care

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CARE

(Cooperative for Assistance and Relief Everywhere), nonprofit, nonsectarian federation of agencies devoted to channeling relief and self-help materials to needy people in foreign countries. Organized in the United States (1945) to help war-ravaged Europe, CARE soon expanded its program to include developing nations in Asia, Africa, and Latin America. Famous for its "CARE packages" of food and other necessities, CARE in now also involved in population, health care, land management, and small economic activity. It is now an international organization with 10 member countries and headquarters in Brussels.

care

  1. the work involved in supporting people who, because of physical frailty chronic illness or other forms of incapacity and disability, are incapable of leading an autonomous existence.
  2. other kinds of carework, e.g. in child-rearing (see CHILD CARE) and DOMESTIC LABOUR. This should be distinguished from care in sense 1.
Care in sense 1 operates over a wide range of social relations. A clear dividing line can be drawn between formal and informal care (see Abrams, 1978) as it exists in contemporary industrial societies. Formal care refers to services provided by agents of organization (statutory, voluntary and/or private) to people within clearly defined categories of need. Informal care is personally directed towards certain people who have a social relationship with their carer - usually a family member, and most often a spouse (Parker, 1993), or female relative.

Feminist sociologists (see also FEMINISM) have had a major impact on the understanding of care and caring relationships. They have argued that caring is ‘a gendered concept’ and that women constitute the majority of carers both informally, in the private sphere, and as low-paid care workers (‘care assistants’) in the formal sector (Finch and Groves, 1982; Ungerson, 1987; Lewis and Meredith, 1988). Studies of caring have examined the complex reasons why women care and the particular problems and difficulties they face. Social policies involving decarceration and COMMUNITY CARE, the decline of neighbour-hood and COMMUNITY associated with increasing SOCIAL (and geographical) MOBILITY, have placed an increasing burden on individual women carers. There is some evidence that women are reluctant to enter caring relationships with female relatives but lack viable alternatives (Cotterill, 1994). Recent research using data from the 1980 British General Household Survey has also pointed to the significant contribution made by male carers, particularly men who care for their wives (Arber and Gilbert, 1989).

care, custody, and control

Describes a standard exclusion in liability insurance policies. Under this exclusion, the liability insurance does not apply to damage to property in the care or custody of the insured, or to damage to property over which the insured is for any purpose exercising physical control.

CARE

agency devoted to channeling relief to needy people abroad. [Am. Hist.: NCE, 456]

care

in (or into) care Social welfare made the legal responsibility of a local authority by order of a court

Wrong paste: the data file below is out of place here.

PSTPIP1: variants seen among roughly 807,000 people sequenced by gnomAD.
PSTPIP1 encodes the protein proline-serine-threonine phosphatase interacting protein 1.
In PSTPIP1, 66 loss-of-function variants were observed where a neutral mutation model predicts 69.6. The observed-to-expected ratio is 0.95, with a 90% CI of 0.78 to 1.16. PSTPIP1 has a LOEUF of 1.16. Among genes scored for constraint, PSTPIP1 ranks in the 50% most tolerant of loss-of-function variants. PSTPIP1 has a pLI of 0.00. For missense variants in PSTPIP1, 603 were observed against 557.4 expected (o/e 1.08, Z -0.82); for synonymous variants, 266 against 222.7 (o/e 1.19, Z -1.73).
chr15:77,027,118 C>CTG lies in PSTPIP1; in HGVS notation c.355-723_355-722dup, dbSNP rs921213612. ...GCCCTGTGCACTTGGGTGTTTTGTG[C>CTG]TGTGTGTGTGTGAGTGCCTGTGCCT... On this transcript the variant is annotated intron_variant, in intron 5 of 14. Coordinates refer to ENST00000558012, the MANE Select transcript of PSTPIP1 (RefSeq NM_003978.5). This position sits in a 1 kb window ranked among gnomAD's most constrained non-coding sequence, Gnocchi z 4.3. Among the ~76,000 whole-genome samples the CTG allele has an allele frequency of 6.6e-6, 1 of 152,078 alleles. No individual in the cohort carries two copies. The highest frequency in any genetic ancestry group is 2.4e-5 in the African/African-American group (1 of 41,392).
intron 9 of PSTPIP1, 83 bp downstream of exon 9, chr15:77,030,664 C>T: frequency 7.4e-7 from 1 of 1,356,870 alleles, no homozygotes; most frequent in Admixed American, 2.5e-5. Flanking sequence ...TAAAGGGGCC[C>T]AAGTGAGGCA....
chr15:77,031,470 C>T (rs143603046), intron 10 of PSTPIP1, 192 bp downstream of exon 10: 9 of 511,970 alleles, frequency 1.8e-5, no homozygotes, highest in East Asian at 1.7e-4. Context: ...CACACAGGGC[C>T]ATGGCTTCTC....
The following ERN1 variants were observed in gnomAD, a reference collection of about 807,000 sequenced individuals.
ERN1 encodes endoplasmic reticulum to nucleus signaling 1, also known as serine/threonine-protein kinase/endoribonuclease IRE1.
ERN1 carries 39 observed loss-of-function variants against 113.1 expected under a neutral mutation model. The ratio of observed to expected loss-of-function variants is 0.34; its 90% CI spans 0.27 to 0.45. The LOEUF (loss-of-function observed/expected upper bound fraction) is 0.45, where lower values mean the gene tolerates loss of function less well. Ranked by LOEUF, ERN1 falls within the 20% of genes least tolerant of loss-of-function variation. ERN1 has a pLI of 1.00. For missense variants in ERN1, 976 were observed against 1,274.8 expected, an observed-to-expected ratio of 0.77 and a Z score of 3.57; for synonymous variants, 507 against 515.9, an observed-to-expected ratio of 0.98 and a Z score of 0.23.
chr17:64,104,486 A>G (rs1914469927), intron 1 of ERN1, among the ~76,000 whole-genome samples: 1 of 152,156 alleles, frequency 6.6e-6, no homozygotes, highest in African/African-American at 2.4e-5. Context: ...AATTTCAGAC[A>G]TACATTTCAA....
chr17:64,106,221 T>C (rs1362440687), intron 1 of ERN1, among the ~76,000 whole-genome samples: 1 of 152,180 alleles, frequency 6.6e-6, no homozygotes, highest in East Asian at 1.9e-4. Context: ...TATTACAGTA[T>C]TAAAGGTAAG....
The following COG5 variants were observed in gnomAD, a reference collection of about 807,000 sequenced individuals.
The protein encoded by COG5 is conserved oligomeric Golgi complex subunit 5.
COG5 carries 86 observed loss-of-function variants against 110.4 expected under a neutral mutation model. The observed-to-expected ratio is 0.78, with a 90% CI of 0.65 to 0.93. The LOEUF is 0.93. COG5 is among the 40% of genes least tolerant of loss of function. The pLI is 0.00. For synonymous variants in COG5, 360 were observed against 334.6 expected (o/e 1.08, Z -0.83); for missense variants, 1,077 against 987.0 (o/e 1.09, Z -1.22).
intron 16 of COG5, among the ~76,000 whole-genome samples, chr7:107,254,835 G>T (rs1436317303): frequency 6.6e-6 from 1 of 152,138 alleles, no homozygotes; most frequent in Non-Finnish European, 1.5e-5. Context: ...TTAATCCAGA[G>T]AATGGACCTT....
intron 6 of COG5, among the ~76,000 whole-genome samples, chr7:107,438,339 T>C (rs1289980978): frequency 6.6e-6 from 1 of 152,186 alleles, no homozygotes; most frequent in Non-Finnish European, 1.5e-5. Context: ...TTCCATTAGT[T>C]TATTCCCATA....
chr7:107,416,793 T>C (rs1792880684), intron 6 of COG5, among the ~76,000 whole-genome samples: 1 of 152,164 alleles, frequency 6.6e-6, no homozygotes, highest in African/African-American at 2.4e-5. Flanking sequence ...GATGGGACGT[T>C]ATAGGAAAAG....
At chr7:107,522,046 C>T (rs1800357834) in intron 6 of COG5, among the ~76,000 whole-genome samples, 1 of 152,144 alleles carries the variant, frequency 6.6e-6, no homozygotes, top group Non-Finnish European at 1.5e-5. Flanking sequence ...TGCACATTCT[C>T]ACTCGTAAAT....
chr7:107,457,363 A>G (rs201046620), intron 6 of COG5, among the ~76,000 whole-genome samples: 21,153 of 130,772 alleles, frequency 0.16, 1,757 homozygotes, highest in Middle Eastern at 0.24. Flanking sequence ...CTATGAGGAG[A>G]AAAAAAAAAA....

References in periodicals archive ?
A day in a shared nursing home room in some communities in Missouri is cheaper than a day in adult day care in New York.
Giving families a rest so they can be better caregivers is something Barbara McLimore, president of Evansville's Senior Circle Adult Day Care, likes about her work.
Active Day has 10 adult day care centers throughout Maryland.
For many family caregivers, especially those who have full-time jobs, using adult day care services, rather than home health care or care in a residential facility, can be a way to maximize their care delivery capacity and to get as much care value as possible out of each dollar coming from savings, current income, and private insurance benefits.
In Seattle, Washington, Nikkei Manor provides assisted living and adult day care services to its predominantly Asian population.
In many jurisdictions, people may leave home for health care, adult day care, or religious services only.
Garden Oaks Adult Activity Center, an adult day care center providing services for disabled adults and senior citizens, received $7,500, as did Mattie Marie Mason, administrator for New Life Perinatal Health Care Services, Inc.
Gade said that an Adult Day Care Program will be established in the nursing home for area residents who lack a source of comprehensive primary care services.
Although several focused studies have been undertaken, the last comprehensive examination of the financial aspects of adult day care was conducted in the mid-1970s (Weissert, 1976).
As part of our expansion plan, we are currently pursuing consulting agreements with selected adult day care facilities to form an alliance with our Company.
Categories included are adult day care, licensed home care, assisted living and nursing home private rooms.
That raises the question: For caregivers who are already retired and have a choice about where to live, is one of the best LTC financing strategies simply to move to a state with good, cheap adult day care centers?

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